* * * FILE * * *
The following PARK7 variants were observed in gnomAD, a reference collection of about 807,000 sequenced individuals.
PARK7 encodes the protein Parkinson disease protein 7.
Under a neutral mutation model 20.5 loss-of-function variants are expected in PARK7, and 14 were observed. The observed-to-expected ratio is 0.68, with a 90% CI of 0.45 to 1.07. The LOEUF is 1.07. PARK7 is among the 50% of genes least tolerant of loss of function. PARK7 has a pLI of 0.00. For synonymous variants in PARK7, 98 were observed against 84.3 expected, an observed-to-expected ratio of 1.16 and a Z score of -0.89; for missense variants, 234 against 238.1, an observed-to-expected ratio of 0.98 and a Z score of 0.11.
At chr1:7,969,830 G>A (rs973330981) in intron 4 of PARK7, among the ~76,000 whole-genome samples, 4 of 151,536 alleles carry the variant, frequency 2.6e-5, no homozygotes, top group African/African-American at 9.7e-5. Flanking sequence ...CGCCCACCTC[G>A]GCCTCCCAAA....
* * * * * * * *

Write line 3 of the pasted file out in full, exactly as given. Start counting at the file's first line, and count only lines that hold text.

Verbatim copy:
Under a neutral mutation model 20.5 loss-of-function variants are expected in PARK7, and 14 were observed. The observed-to-expected ratio is 0.68, with a 90% CI of 0.45 to 1.07. The LOEUF is 1.07. PARK7 is among the 50% of genes least tolerant of loss of function. PARK7 has a pLI of 0.00. For synonymous variants in PARK7, 98 were observed against 84.3 expected, an observed-to-expected ratio of 1.16 and a Z score of -0.89; for missense variants, 234 against 238.1, an observed-to-expected ratio of 0.98 and a Z score of 0.11.